Research Activities #264, August 2002


emergency department (ED) miss a diagnosis of heart attack (acute myocardial infarction, AMI) or unstable angina, they put the patient at risk and open the door to a possible malpractice suit. Physician use of an electrocardiograph-based ED risk management tool, which predicts the probability of acute ischemia (AMI or unstable angina), substantially reduces malpractice costs, according to a study supported by the Agency for Healthcare Research and Quality (HS07360). A second AHRQsupported study (HS08212) shows that a suspected heart attack patient who is identified in the ED is more likely to receive potentially lifesaving thrombolytic (clot dissolving) therapy or angioplasty when another ECG-based predictive instrument indicates the benefits of thrombolytic therapy for the patient at the time of the ECG. Both studies, which were led by Harry P. Selker, M.D., M.S.P.H., of Tufts-New England Medical Center, are summarized here. Selker, H.P., Beshansky, J.R., Pozen, J.D., and others. (2002, winter). “An electrocardiographbased emergency department risk management tool based on the acute cardiac ischemia timeinsensitive predictive instrument (ACI-TIPI): Potential impact on care and on the occurrence and outcomes of malpractice claims.” Journal of Healthcare Risk Management pp. 11-18. An ED risk management form automatically generated by electrocardiographs that include an ECG-based acute cardiac ischemia time-insensitive predictive instrument (ACI-TIPI) could reduce malpractice costs nationally by $1.2 billion a year, concludes this study. The ACI-TIPI generates a 0-100 percent probability that the ED patient has acute cardiac ischemia and may prompt doctors to consider and document key clinical factors for each ED patient with chest pain or related symptoms. It reduces the likelihood of malpractice suits because it helps ED doctors appreciate the importance of ECG abnormalities, the need to hospitalize certain Research Activities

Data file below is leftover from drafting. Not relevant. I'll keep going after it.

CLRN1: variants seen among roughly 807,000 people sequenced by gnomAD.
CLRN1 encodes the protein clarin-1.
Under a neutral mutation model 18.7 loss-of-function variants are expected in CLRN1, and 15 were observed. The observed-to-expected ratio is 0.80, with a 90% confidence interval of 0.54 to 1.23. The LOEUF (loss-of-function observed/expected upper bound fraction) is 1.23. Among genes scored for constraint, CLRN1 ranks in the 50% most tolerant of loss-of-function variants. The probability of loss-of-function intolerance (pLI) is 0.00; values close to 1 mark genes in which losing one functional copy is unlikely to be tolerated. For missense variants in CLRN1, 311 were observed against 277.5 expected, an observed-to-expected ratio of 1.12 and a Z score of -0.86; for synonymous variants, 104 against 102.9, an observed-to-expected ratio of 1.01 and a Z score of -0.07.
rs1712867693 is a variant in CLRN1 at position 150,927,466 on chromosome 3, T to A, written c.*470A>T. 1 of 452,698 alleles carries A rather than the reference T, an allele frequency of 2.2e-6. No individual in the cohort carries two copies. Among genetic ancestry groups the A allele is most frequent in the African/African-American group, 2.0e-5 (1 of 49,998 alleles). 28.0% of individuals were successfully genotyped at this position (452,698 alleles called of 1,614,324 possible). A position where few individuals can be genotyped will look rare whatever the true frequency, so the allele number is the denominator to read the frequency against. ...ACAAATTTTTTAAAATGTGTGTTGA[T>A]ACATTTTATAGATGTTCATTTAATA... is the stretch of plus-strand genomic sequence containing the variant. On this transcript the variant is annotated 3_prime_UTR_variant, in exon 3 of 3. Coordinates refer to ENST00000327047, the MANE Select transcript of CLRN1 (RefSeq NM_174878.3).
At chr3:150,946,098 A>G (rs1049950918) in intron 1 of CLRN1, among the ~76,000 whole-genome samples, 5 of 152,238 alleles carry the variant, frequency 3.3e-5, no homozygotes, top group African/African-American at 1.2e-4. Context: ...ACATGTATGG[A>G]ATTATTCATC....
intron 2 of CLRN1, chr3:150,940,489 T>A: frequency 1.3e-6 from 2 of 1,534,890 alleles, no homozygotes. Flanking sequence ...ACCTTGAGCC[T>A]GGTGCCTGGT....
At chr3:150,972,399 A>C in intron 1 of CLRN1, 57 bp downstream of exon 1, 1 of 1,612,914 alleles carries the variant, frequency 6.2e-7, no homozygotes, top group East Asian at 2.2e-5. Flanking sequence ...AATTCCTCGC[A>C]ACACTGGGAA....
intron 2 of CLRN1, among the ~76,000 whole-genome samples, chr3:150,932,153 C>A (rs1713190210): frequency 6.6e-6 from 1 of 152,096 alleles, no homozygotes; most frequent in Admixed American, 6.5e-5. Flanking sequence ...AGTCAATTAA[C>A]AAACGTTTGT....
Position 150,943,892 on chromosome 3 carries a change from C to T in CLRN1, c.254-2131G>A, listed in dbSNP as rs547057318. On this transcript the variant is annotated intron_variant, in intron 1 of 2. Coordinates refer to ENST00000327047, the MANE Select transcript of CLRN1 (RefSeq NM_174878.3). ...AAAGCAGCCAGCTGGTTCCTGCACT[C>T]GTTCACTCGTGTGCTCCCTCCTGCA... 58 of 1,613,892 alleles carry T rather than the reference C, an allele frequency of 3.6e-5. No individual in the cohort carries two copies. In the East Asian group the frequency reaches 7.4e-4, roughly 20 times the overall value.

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@inproceedings{Grady2002ResearchA, title={Research Activities #264, August 2002}, author={Mary L . Grady}, year={2002} }